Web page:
Synchronized capillary endothelial cells were incubated with Tunicamycin (1 μg/ml) alone or with 1 μg/ml of Tunicamycin nanoparticles for 3 h at 37° C. in a CO2 incubator (5% CO2 and 95% air) in 96-well microtiter plates. At the end the plates were processed for the MTT Assay. The results shown in FIG. 1 indicate that the cell viability was reduced to almost 50% (p<0.001) when treated with Tunicamycin conjugated to 20 nm or 50 nm gold particles. Native Tunicamycin at 1 μg/ml does not show any effect on the capillary endothelial cell viability compared to the control under a similar experimental condition. The logical conclusion would be that Tunicamycin gold nanoparticles are much more effective in killing capillary endothelial cells over that of the native Tunicamycin.

Tunicamycin Nanoparticles Inhibits Cell Cycle Progression:

To evaluate the biochemical pathway the Tunicamycin nanoparticles are likely to interfere, their effect on the cell cycle progression has been analyzed. The cell cycle antigens have been analyzed focusing primarily on the D-type cycline and their partners because Tunicamycin causes cell cycle arrest in G1. Expression of cycline and their partners because Tunicamycin causes cell cycle arrest in G1. Expression of cyclin D1 and its catalytic partner, i.e., CDK4 was analyzed by western blotting. Interestingly, the expression of both cyclin D1 and the CDK4 was enhanced in cells treated with native Tunicamycin compared to the untreated control. On the other hand, the expression of cyclin D1 was significantly reduced in cells treated with Tunicaycin conjugated either with 20 nm or 50 nm gold particles compared to the cells treated with native Tunicamycin but its expression remained unchanged when compared with the untreated control. There was a little difference with the CDK4 expression. It was higher in cells treated with 20 nm gold particles over the nm gold particles, but they both were much reduced compared to the untreated control or cells treated with native Tunicamycin as shown in FIG. 2. p53 is a gate keeper for the cell cycle. Upon phosphorylation p53 migrates to the nucleus and activates gene transcription. When analyzed, the expression of p53 phosphorylated in serine392 (p53pser392) in Tunicamycin gold-conjugated nanoparticles it was observed substantial reduction of p53pser392 expression in cells treated with 20 nm gold-conjugated Tunicamycin nanoparticles but it was comparatively less in cells treated with 50 nm nanoparticles. Native Tunicamycin at a similar concentration had no effect as shown in FIG. 3. It was therefore concluded that gold-conjugated Tunicamycin nanoparticles are much more effective in inhibiting the cell cycle progression than the native drug.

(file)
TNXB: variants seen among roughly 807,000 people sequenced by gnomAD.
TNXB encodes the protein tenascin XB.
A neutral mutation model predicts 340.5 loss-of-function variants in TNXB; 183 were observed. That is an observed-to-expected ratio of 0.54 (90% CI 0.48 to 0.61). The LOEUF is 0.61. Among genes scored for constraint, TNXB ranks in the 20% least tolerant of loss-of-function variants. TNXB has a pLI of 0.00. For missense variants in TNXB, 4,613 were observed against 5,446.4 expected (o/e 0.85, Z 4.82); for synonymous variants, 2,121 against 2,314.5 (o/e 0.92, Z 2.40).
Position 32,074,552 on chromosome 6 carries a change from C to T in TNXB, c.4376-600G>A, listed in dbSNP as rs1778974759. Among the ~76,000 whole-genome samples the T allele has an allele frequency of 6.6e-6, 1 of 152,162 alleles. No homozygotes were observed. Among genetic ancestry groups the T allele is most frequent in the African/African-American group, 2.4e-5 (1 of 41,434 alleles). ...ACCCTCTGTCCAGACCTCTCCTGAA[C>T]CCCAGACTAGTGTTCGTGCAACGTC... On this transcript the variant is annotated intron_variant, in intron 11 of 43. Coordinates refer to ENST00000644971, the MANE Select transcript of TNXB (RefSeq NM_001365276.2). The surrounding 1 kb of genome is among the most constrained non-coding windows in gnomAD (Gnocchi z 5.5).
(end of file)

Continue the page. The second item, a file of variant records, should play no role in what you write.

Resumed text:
Tunicamycin Gold Nanoparticles Induces ER Stress Much Faster:

It has been shown earlier that native Tunicamycin induces ER stress as early as 3 h of treatment. We then compared the development of ER stress in a synchronized population of capillary endothelial cells treated with Tunicamycin conjugated to 20 nm or 50 nm gold particles with that of native Tunicamycin. The ER chaperone, GRP-78/Bip was used as a marker. The results shown in FIG. 4 indicate that Tunicamycin gold nanoparticles of both sizes induced very high expression of GRP-78/Bip when compared with that of the untreated control or treated with native Tunicamycin. The conclusion is that Tunicamycin nanoparticles are much effective than the drug in its native formulation.

Tunicamycin Gold Nanoparticles Induces Unfolded Protein Response-Mediated Apoptotic Death:

It has been observed recently that Tunicamycin inhibits angiogenesis in vitro and in vivo as well as during the breast tumor progression by ER stress-mediated induction of unfolded protein response. In addition, it has also been shown that Tunicamycin gold nanoparticles inhibit capillary endothelial cell cycle progression much more effectively than native Tunicamycin. It was also evaluated if Tunicamycin gold nanoparticles would also activate the pathway that induces the unfolded protein response. The results shown in FIG. 5 indicate that Tunicamycin gold nanoparticles affect both transcription and translation. For example, 50 nm gold nanoparticles of Tunicamycin activates IRE-1 (a transcriptional attenuator) but 20 nm gold particles have only the marginal effect. On the other hand, PERK and phosphoPERK (a translational attenuator) are activated significantly by both 20 nm and 50 nm Tunicamycin gold nanoparticles. Under a similar experimental condition, native Tunicamycin either had no effect or the effect is drastically reduced.

Tunicamycin Gold Nanoparticles Down-Regulates DPMS Expression:

Mannosylphospho dolichol synthase (DPMS) is an obligatory requirement for the synthesis of lipid-linked oligosaccharide (i.e., Glc3Man9GlcNAc2-PP-Dol) biosynthesis, a pre-requisite for N-glycosylation. It has been shown recently, that either phosphorylation upregulation of DPMS or a cell clone over expressing DPMS enhanced capillary endothelial cells and accelerated healing of the wound induced by a mechanical stress supported unequivocally the role of DPMS in angiogenesis. To evaluate the status of DPMS in cells treated with Tunicamycin gold nanaoparticles, the DPMS expression was analyzed by western blotting. The results shown in FIG. 6 convincingly supported that the expression of DPMS was reduced significantly in cells treated with Tunicamycin gold nanoparticles.

Although the present invention has been described with reference to the foregoing exemplary embodiment, this embodiment does not serve to limit the scope of the present invention. Accordingly, those skilled in the art to which the present invention pertains will appreciate that various modifications are possible, without departing from the technical spirit of the present invention.